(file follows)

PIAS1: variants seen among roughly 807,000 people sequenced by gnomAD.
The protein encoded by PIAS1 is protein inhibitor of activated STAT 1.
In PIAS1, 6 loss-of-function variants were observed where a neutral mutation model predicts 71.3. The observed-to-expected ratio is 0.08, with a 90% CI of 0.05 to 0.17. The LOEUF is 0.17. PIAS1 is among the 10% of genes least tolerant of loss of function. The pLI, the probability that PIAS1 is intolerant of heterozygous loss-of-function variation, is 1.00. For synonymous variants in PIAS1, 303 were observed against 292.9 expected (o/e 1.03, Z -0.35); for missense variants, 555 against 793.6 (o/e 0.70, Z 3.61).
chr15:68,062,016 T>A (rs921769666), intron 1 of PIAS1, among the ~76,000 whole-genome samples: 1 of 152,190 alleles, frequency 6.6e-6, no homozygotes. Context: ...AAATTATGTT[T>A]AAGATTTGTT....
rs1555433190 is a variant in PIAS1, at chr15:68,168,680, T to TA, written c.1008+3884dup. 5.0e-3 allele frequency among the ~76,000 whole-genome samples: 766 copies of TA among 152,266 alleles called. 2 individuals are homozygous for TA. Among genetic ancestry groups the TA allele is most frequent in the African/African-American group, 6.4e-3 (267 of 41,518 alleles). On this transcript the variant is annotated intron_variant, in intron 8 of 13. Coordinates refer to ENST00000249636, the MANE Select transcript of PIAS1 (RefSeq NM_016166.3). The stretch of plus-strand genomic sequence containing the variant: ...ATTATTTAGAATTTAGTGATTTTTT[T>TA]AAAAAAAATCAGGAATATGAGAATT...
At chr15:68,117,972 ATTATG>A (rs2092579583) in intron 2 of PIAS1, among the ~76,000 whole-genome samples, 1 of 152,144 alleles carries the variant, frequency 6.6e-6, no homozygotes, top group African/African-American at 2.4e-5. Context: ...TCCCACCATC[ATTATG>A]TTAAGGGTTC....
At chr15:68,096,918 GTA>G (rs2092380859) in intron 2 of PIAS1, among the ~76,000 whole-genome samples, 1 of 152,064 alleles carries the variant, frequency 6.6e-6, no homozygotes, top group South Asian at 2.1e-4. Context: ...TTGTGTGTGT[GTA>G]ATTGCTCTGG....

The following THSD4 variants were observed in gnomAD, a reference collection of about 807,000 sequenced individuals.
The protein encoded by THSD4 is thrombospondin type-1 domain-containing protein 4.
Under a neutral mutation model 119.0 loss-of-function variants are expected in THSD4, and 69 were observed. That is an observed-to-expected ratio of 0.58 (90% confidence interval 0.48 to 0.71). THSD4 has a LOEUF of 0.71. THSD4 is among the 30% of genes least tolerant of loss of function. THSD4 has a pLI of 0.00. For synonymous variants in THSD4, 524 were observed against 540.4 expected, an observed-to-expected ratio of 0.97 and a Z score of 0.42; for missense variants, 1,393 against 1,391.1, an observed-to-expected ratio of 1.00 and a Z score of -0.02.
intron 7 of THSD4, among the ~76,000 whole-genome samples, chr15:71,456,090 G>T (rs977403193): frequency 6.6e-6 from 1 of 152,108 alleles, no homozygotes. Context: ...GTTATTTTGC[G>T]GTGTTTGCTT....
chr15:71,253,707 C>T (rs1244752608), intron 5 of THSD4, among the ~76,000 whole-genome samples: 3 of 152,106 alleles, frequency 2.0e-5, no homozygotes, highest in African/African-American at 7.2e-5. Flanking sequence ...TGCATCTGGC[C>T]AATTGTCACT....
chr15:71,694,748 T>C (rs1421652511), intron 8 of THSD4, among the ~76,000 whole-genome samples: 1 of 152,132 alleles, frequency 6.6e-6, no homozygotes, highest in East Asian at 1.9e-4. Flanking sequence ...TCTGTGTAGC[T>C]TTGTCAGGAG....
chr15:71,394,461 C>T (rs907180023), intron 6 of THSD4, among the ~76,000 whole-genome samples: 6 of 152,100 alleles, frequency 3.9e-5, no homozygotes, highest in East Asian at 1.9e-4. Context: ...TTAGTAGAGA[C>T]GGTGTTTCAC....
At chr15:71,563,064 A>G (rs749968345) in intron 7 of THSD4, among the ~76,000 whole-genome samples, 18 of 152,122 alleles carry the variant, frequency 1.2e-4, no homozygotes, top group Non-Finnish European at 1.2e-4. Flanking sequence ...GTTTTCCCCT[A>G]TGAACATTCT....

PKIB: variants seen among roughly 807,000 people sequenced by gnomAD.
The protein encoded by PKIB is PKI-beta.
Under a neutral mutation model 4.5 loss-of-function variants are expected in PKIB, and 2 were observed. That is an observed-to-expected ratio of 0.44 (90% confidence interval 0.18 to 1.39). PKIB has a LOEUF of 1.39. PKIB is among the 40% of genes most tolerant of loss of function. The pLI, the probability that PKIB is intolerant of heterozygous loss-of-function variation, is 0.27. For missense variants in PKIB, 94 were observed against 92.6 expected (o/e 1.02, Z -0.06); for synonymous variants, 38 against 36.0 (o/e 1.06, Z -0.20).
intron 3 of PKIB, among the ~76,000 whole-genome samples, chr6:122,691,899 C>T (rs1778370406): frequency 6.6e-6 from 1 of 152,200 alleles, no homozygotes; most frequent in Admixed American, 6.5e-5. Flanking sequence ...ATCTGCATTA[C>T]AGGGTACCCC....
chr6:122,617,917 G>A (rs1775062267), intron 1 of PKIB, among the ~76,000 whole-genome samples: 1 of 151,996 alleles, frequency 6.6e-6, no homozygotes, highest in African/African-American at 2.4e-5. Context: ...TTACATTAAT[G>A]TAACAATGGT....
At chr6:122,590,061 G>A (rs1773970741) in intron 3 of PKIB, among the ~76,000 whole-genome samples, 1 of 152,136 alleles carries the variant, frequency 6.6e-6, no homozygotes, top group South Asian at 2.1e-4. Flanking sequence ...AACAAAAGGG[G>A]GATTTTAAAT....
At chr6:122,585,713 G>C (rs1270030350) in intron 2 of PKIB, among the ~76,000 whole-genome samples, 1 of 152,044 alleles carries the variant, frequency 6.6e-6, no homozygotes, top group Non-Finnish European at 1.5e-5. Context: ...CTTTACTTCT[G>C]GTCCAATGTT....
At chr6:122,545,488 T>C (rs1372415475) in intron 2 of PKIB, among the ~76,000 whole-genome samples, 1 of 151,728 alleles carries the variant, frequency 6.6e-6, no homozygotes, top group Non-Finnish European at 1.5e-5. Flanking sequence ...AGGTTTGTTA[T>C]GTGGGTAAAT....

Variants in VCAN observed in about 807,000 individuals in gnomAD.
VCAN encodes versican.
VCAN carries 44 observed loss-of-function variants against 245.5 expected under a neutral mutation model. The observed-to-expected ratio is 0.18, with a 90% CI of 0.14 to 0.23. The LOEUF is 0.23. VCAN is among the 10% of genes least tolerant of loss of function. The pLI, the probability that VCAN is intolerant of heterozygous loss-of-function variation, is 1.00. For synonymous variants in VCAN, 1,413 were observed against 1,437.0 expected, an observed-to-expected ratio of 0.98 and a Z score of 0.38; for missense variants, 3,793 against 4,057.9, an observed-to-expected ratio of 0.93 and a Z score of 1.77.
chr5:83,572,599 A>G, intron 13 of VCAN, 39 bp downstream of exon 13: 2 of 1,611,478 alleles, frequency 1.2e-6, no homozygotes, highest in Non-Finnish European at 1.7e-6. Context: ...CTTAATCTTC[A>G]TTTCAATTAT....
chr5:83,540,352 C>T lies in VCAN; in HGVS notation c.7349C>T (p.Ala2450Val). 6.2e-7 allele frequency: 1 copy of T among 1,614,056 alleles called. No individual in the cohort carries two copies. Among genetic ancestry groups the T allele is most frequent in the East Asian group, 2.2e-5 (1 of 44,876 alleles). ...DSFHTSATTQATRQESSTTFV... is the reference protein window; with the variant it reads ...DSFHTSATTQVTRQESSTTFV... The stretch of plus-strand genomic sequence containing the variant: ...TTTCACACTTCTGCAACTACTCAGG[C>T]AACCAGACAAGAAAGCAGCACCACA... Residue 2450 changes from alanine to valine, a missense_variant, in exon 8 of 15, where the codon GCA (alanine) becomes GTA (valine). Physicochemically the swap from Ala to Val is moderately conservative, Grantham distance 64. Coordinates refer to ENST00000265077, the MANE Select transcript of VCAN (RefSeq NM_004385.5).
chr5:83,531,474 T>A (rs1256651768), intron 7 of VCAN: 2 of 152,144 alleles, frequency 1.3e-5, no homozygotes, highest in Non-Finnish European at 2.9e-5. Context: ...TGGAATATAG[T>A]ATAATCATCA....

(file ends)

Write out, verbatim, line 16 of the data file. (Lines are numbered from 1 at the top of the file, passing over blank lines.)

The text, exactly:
PKIB: variants seen among roughly 807,000 people sequenced by gnomAD.